Although we were both brought up in the Jewish faith, we checked around for the nearest
church. We found a small inconspicuous one and didn’t bother to check out the
denomination. It didn’t matter to us, as long as the minister would honor our marriage
license, pronounce us husband and wife, and sign the document making our union legal.
I dressed in a simple pink suit and hat and Charles looked impressive in his blue suit.
Since we needed two witnesses, the church secretary and handyman served as our
bridesmaid and groomsman. Our marriage ceremony was over in less than ten minutes.
Under the glow of love and hopes for the future, we shared our first family dinner at
a modest-sized restaurant and spent the night in an equally modest-sized San Diego hotel.
The next morning, we returned to my apartment. This was our honeymoon, a far cry from
the newsworthy dinner-dance following my first marriage and the month-long cruise
replete with fancy wining and dining and lolling on the beaches of Hawaii.
Charles spoke increasingly about working with his brother and becoming a real
estate tycoon, but that’s as far as it went. He continued his work at the Broadway, and I
continued to commute back and forth to Encino. I looked forward to sharing supper over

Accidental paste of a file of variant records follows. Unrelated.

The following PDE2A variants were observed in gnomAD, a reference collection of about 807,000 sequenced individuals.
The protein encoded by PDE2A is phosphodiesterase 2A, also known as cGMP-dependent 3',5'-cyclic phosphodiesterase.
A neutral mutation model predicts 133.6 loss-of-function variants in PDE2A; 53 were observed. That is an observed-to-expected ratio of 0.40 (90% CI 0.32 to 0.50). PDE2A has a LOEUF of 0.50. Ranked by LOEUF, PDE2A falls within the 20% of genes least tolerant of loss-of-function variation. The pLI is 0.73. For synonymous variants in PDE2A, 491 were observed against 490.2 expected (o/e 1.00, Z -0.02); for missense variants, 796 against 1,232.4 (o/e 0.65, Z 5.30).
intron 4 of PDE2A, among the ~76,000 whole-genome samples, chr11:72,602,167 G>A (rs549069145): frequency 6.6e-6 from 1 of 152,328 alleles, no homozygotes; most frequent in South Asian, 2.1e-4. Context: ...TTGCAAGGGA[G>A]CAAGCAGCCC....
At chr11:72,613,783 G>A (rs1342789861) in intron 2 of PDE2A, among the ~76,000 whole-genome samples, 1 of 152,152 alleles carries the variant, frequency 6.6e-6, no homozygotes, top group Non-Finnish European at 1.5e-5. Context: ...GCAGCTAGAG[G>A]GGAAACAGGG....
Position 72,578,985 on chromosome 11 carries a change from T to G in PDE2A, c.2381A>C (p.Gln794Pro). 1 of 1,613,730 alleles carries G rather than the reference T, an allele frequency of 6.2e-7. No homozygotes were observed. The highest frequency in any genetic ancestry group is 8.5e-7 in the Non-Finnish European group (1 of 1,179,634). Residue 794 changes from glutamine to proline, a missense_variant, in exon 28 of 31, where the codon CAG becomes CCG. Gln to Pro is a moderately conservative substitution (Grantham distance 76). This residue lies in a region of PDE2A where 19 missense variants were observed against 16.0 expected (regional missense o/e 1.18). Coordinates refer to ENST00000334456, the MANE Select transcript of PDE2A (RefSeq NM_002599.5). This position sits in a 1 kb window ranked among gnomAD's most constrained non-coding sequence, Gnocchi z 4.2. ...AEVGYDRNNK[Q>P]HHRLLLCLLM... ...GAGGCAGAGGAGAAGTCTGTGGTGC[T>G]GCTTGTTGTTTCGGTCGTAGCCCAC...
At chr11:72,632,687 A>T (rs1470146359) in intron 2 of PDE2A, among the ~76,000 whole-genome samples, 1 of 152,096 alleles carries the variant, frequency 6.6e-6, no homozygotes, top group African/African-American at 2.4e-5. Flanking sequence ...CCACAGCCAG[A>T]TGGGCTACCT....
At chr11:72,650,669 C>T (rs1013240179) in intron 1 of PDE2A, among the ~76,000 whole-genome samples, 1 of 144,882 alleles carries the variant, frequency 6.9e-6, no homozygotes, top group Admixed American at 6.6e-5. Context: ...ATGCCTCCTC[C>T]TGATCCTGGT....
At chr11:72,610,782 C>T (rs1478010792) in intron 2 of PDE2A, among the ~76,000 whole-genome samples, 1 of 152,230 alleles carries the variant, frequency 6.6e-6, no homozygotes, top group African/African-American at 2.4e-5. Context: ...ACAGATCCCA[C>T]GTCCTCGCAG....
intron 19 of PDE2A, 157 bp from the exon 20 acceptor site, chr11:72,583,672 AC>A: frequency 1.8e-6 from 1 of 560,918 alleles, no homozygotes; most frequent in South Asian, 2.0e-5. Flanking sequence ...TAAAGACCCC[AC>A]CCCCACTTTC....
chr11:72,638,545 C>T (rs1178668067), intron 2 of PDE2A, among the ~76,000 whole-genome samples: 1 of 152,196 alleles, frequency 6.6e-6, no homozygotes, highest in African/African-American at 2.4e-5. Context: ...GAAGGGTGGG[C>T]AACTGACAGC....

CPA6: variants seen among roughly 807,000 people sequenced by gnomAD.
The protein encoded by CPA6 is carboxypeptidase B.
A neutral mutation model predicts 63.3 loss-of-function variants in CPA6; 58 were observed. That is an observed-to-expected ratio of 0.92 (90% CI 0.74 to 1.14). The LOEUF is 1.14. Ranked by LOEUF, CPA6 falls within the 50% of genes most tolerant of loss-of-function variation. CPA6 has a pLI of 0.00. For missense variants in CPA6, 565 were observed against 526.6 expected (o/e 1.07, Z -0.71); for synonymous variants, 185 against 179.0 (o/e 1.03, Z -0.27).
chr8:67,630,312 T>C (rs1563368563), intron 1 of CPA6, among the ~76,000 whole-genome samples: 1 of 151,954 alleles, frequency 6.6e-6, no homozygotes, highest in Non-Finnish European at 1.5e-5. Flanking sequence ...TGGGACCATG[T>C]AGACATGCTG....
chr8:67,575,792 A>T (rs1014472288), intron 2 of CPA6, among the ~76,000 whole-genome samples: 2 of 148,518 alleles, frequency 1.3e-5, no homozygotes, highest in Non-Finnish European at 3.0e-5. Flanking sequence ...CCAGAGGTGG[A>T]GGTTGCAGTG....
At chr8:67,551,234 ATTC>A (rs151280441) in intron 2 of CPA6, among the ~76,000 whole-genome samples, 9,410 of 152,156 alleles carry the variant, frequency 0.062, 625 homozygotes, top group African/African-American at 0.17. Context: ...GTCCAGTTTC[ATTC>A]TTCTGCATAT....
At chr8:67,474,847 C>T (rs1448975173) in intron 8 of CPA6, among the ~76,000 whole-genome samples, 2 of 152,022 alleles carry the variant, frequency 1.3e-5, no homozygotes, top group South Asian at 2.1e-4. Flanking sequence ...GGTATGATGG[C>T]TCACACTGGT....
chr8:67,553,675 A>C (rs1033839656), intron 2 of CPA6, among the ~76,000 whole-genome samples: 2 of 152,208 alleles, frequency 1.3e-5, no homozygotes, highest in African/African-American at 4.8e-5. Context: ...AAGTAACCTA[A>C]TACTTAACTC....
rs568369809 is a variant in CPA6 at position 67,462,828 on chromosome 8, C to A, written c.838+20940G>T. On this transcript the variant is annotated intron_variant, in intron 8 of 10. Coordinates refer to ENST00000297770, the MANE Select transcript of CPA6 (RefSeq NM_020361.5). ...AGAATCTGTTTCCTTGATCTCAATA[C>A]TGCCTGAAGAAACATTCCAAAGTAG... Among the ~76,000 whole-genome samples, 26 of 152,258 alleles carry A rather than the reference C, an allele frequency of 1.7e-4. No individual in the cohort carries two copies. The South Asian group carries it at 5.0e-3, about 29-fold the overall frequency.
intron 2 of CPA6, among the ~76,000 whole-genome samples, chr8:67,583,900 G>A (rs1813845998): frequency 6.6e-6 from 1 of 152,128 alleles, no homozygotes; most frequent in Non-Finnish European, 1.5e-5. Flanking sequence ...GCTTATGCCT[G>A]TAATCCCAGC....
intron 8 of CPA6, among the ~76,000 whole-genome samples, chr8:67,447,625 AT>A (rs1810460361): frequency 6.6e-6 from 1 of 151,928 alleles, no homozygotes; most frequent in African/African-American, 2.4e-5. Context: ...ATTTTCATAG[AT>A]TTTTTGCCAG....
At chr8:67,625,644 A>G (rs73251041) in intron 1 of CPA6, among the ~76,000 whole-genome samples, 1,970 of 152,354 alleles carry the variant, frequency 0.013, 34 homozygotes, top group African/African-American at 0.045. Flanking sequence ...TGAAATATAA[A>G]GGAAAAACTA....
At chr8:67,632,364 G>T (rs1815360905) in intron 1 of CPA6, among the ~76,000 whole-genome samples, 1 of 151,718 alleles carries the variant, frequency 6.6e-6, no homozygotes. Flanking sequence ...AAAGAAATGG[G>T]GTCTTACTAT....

a discussion of the challenges we’d faced in our jobs each day. Weekends, we’d take
walks on the beach or go grocery shopping together.
Over time, it seemed that Charles became unusually moody, sometimes to the point
of not talking when he got home or speaking in one-word sentences. When the weekend
arrived, he was too tired to do anything. “You go,” he’d say. “I don’t need the hassle of
all those crazy people mauling through the oranges.” Either that or he’d blow up over
minor things; throw a shoe across the room or something more frightening. I had never
seen this side of him. If I questioned him about the cause of his stress, he clammed up or
leave the apartment, slamming the door behind him.
I chose to keep a blind eye to these mood swings, telling myself he just missed our
former routine at the Broadway and, perhaps, his ego was suffering a bit from his having
to set up house in my apartment. Then he’d come home with his arms laden with
packages. “Look what I bought, Carol! I’ve always wanted one of these gadgets. The
store had a sale today. Look at this gorgeous neck scarf. It matches your favorite color
lipstick.” On occasions like this, his buying spree was unrestrained. I loved seeing him so
excited and upbeat and joyfully exclaimed over each purchase. Of course it put a definite
strain on our budget.
One day, Charles would be unusually talkative, bragging about the superiority of his
work ethic at the store compared to his peers. A few days later, he’d be irritable to the
point of finding fault with everyone and with everything I did. Or he’d slump on the
couch looking and feeling like he’d just been fired. “I’m worthless,” he’d mutter.
“Totally, completely worthless.”
“Why don’t we go for a ride along the coast and have supper at that Asian chow
mein café. We love it. It’ll give us both a chance to relax. It’s been a busy month.”
“That sounds good to me. Might be just the thing I need to get out of this funk. But
maybe we shouldn’t. We can’t afford to spend
Click Follow to receive emails when this author adds content on Bublish